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Disinformation

Fighting false information

by Ika Ningtyas

Nowadays

More than two thousand Indonesians have been trained in fact-checking information circulating in cyberspace. Efforts to fight disinformation are being stepped up ahead of the presidential elections in April 2019.

The Alliance of Independent Journalists Indonesia (AJI) is an organisation of media workers.  It has around 2,000 members. In 2018, AJI cooperated with the Google News Initiative to teach more than 1,000 journalists and almost 1,500 citizens how to fact-check texts, photos and videos distributed on social media platforms (see Alphonce Shiundu in focus section of D+C/E+Z e-Paper 2018/05).

Abdul Manan, the AIJ chairman, says that the “circulation of information is increasing and getting faster.” In order to verify online information, “journalistic skills must be upgraded”. Skills must keep up with technological developments, Manan points out.

In many countries, disinformation is particularly common during election campaigns. Indonesia experienced this during the presidential election in 2014. At that time, hoaxes dominated cyberspace. The fake news were loaded with political, racial and religious overtones.

Unfortunately, some mass media also spread false information, exacerbating the polarisation of society. Manan warns that, unless journalists are able to identify fake news, they are at risk of being manipulated by certain groups for propaganda purposes.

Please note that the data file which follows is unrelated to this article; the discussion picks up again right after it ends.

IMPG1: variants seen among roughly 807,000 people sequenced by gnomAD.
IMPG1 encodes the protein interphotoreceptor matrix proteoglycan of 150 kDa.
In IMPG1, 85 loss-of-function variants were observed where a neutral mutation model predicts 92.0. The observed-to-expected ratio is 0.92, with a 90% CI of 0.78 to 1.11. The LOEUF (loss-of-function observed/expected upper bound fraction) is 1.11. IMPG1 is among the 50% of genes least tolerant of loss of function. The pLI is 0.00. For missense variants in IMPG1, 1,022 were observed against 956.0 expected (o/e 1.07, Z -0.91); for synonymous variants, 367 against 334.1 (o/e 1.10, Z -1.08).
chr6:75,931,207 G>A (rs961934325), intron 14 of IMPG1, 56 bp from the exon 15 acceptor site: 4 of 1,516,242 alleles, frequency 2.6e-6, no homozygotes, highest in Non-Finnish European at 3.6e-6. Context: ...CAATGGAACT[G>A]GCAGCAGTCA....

In Indonesia, more than 132 million people (50.4 % of the total population) use the internet.  A survey by the Indonesian Internet Service Providers Association (APJII) found out that the majority use the internet to access social media (almost 90 %). However, social media is often a source of disinformation.

The Anti-Defamation Society of Indonesia (Mafindo) is a civil-society organisation that focuses on fact checking. A recent study by Mafindo showed that disinformation increased from July to September 2018.  According to Setiaji Eko Nugroho, the Mafindo chairman, almost 59 % of the hoaxes were “politically charged”.

An example of viral disinformation concerns foreign workers from China who are suspected of being the “Red Army” of the Chinese Communist Party. This disinformation was first launched on 20 September, and was distributed 63,000 times on Facebook.

Inggried Dwi Wedhaswary is the editor of the website kompas.com. She took fact-checking lessons. She says the training provided by AJI and the Google News Initiative has proved to be very useful, not least because “the public is interested in our verification results”.


Ika Ningtyas is a freelance journalist based in Java, Indonesia.
[email protected]


Links
Alliance of Independent Journalists Indonesia (AJI):
https://aji.or.id/

Anti-Defamation Society of Indonesia (Mafindo):
https://turnbackhoax.id/

 

 

 

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